Bahrain could extend the duration of support measures to help businesses cope with the coronavirus impact after deploying the Gulf region’s biggest stimulus relative to economic output.
Finance Minister Sheikh Salman bin Khalifa said that the emphasis is now on ensuring that a projected recovery gathers speed next year, before joining some of its neighbors and considering raising taxes to boost revenue.
The government will “do what is necessary to ensure a positive path” while “observing very closely” what countries including Saudi Arabia and Oman are doing to bolster income, he said.
“We’re also keeping one eye on the economy, and looking at the economic impact or potential for economic impact for any new revenue-boosting measures. We really want to see the recovery take hold before we take any additional steps in that regard, that’s our priority,” Sheikh Salman said.
Bahrain’s public finances have been under pressure from the double shock of the pandemic and lower oil prices, despite a $10 billion bailout package promised by its wealthier neighbors in 2018. The kingdom has responded to the health emergency by rolling out a stimulus package estimated by S&P Global Ratings at about 32 percent of gross domestic product (GDP), mostly consisting of liquidity for lending and debt deferment.
The smallest economy among the six Gulf Cooperation Council members, Bahrain is on track to run a budget deficit that will widen to double digits as a percentage of GDP this year.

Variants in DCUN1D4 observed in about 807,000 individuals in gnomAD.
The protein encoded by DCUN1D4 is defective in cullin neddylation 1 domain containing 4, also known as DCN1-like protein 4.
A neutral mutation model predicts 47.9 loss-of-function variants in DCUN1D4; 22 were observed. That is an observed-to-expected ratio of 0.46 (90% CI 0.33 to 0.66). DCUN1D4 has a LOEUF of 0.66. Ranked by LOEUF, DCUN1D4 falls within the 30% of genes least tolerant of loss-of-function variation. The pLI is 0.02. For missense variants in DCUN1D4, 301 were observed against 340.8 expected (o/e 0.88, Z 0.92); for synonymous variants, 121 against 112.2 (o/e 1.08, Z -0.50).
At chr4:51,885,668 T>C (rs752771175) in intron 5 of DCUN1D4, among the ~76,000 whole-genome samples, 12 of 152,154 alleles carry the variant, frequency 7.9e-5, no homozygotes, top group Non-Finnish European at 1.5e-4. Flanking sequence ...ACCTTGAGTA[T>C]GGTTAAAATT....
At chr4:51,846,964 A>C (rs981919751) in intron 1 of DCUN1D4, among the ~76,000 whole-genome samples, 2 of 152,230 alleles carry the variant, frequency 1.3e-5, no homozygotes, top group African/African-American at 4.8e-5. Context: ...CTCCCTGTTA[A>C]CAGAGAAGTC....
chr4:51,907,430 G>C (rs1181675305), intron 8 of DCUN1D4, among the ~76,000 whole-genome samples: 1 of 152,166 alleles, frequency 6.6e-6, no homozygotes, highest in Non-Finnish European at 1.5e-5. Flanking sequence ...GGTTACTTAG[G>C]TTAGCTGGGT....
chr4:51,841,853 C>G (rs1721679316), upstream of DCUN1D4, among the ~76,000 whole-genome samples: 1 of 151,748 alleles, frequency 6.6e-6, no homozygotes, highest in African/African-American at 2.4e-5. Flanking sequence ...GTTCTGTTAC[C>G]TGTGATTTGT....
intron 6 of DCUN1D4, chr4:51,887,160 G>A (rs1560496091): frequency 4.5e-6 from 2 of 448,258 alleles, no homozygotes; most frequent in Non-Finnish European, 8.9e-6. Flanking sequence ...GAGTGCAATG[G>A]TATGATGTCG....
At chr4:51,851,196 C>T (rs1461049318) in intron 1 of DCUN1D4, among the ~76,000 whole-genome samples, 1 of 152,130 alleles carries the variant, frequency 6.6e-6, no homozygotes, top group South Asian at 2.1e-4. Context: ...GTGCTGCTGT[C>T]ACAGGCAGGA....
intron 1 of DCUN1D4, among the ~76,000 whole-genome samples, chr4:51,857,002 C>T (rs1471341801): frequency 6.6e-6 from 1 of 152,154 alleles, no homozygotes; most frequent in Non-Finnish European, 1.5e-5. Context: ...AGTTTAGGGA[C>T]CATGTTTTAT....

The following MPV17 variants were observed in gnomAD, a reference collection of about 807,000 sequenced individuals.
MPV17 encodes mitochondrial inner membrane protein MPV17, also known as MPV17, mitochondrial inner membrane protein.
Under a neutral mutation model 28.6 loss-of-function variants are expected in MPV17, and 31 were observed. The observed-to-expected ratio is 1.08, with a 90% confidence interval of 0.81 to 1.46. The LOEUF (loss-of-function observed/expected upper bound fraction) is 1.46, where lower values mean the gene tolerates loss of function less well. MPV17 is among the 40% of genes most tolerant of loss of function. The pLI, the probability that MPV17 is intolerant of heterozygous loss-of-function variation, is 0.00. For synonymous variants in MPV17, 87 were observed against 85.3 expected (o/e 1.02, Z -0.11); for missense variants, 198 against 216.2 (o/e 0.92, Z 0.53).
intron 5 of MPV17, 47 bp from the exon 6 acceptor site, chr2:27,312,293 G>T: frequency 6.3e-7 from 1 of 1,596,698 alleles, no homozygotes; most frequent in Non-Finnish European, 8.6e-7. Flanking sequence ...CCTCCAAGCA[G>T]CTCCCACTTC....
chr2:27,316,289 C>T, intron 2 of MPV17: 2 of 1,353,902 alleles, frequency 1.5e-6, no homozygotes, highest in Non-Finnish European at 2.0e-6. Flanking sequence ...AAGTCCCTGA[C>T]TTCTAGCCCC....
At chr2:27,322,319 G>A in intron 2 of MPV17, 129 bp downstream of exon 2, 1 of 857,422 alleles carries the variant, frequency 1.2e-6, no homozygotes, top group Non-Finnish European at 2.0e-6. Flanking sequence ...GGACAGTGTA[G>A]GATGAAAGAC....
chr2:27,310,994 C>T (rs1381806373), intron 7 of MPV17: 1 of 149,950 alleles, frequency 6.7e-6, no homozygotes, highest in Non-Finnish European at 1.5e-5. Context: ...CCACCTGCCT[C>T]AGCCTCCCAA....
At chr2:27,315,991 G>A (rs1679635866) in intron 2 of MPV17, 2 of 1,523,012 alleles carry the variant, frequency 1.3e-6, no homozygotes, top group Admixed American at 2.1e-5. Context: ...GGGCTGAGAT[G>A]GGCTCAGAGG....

Other countries that have long relied on oil receipts have begun to search for new sources of revenue, but after the implementation of value added tax in 2019, Bahrain is still yet to take new steps. Earlier this year, Saudi Arabia tripled VAT, while Oman said it was exploring the implementation of income taxes, making it the first state in the region to do so.
While Bahrain is committed to maintaining its promise to keep spending under control as part of the aid package that foresees a balanced budget by 2022, Sheikh Salman said the government is wary of new revenue-boosting initiatives that would dent growth.
“Even with the additional emergency expenditure that was taken, we also took measures to reduce spending elsewhere and were able to deliver numbers that were below budgeted expenditure” for the first six months of the year, he said.
The combination of the recovery of oil prices and optimism about the effects of vaccinations helped regain investor confidence, reducing the premium between Bahrain’s government debt and Saudi government debt.
The early response of Bahrain to the pandemic and extensive testing have allowed the economy to reopen and to lift restrictions on movement. The COVID-19 vaccine developed by Pfizer has also been approved for use in Bahrain, becoming the second country to do so after the UK.
Long way to go
Yet the economic damage from the pandemic remains. Meeting the targets outlined in 2018’s Fiscal Balance Plan, which tied aid to progress tackling the deficit, has also been made harder.
Although the funds are still expected to be dispersed in recognition of the kingdom’s efforts to tackle spending, S&P projects gross debt including GCC support will rise toward 120 percent of GDP by 2023. Bahrain’s economy is expected to shrink 4.9 percent this year, with expansion of 2.3 percent in 2021, according to the International Monetary Fund (IMF)
“We’ve got over the wide freeze in the economy, and now we continue to monitor certain sectors that are still affected,” Sheikh Salman said.